By Evosia Studios - also timelapsed - we couldn't resist.
Timelapsed video of high kP lights, strong red
By Korea Content - One man's adventure in filming the Aurora
The Northern Lights
Amanda experiences the Northern Lights while traveling in the Arctic. If you have never seen them with your own naked eyes then perhaps
you might be motivated to see them someday. The above videos are non-timelapsed / more realistic unless noted.
When you see them in real life without the the aid of a camera, they will look different. Many videos you find online are timelapsed, these are not accurate when it comes to what you
actually see. The lights move slower and of course, there is no music unless you are listening to some while you are watching them. You also miss out on the cold temperatures
that often accompany locations where Northern Lights are viewable. It may also be windy. Of course, you get an all encompassing view too. You can always mute the video music!
If you are using a laptop or tablet, go out at night and imagine they are in the sky, until you can see them for real 'dancing in the heavens.'
Places to See
Assuming you are at the right latitude and the aurora is strong enough, the best places to see the Aurora Borealis in person are in places with 1) No light pollution, 2) Clear skies. If you can
make it to a place with warmer weather, then that is an extra bonus. Check out the maps in the links below to get a better idea. If warmer weather is preferred, look into Northern Norway
and Sweden (Abisko), as they are warmed by the gulf current - which may be in the process of failing (See global warming theme).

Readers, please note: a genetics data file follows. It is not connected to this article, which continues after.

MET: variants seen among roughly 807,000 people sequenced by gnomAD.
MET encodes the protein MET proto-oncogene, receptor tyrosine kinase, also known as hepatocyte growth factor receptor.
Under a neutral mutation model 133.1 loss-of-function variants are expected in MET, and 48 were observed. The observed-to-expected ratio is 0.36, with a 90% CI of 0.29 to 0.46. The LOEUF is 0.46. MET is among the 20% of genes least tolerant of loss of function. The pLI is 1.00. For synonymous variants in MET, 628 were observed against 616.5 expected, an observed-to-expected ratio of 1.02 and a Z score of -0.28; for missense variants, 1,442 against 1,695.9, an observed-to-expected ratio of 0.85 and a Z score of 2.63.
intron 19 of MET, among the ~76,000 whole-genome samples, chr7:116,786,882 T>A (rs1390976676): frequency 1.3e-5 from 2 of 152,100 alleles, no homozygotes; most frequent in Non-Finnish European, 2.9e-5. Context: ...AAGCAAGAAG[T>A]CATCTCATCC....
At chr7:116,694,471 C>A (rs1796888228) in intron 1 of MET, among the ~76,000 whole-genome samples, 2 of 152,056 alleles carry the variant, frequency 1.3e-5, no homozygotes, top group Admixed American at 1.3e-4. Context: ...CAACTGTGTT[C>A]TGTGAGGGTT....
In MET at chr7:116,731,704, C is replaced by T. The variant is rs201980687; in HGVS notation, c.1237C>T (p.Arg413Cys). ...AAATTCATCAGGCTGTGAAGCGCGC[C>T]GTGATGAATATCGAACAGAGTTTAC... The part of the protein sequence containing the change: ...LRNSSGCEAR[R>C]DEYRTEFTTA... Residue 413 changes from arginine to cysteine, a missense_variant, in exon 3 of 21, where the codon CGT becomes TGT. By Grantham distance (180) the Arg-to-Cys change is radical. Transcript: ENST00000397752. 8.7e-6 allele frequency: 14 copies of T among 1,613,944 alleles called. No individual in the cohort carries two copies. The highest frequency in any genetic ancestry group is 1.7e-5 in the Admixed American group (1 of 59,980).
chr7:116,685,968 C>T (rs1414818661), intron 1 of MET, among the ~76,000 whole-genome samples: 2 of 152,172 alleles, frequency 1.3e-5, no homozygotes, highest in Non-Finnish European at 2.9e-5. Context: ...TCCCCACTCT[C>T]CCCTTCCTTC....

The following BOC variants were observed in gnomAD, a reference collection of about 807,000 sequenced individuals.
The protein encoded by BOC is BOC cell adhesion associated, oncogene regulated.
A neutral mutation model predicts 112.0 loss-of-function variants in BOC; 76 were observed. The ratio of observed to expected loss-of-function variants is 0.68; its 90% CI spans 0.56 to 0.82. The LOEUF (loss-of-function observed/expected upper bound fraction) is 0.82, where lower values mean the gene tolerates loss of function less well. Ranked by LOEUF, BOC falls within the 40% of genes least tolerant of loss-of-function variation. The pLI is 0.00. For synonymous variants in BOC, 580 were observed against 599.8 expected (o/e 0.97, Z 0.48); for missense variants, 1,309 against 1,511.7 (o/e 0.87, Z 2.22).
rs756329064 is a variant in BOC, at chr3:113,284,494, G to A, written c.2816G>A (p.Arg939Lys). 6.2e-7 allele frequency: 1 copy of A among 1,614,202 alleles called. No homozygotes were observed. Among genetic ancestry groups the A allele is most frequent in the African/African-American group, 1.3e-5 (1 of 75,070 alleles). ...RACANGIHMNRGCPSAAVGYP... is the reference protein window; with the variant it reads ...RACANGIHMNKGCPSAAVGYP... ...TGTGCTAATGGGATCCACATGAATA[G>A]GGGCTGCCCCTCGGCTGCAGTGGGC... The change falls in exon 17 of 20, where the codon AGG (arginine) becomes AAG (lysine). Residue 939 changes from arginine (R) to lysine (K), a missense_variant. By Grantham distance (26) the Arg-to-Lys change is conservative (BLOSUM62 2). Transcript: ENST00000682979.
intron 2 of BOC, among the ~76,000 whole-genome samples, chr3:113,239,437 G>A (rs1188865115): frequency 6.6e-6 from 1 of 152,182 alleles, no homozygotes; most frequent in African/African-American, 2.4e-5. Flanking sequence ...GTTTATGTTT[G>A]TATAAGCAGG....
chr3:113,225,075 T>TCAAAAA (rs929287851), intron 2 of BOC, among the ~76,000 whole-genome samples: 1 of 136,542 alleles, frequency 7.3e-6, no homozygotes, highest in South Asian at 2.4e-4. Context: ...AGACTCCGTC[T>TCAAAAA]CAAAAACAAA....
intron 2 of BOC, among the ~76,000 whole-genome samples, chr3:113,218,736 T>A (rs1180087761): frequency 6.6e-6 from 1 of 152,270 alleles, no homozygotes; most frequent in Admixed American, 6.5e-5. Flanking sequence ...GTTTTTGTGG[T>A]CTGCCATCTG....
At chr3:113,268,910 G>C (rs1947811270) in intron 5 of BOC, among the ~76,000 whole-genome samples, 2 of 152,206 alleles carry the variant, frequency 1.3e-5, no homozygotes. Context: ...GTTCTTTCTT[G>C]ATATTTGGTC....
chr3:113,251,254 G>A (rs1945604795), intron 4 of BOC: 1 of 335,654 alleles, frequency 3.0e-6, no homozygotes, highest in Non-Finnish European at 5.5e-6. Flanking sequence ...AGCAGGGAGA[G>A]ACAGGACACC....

A note on latitude. When you see the Aurora Borealis maps you will notice that it is in the shape of a
donut / oval - centered around our MAGNETIC north pole - not geographical! This is the prime latitude at which to see the Aurora Borealis.
It is also visible outside of the donut, although the further away from the donut, it will be more in the distance and less overhead.
To the North it is reliably visible in Greenland up to Upernavik (North of Ilulissat). Somewhere between Upernavik and
Qaanaaq, the chances decline significantly. Reports from Qaanaaq note infrequent sightings in the distance. Amanda
sees the Aurora in Savissivik which is 150 miles south of Qaanaaq.
When the aurora is stronger it is also visible further south.
Before you venture off to see the Northern Lights, there is one thing that might be helpful to know. They MAY not look as good in person as they do in photographs or videos you find on the Internet.
Lower your expectations. The reason for this is because cameras take in more light than the (average) human eye. The exception to this is if you are treated to a high kP value (6+?),
then perhaps the lights will be as good or better than anything you see in a video.
Or perhaps, your eyesight (and night vision) has just degraded from what is optimal! See the appropriate sections
on eyesight and the DARK SKIES theme to learn more.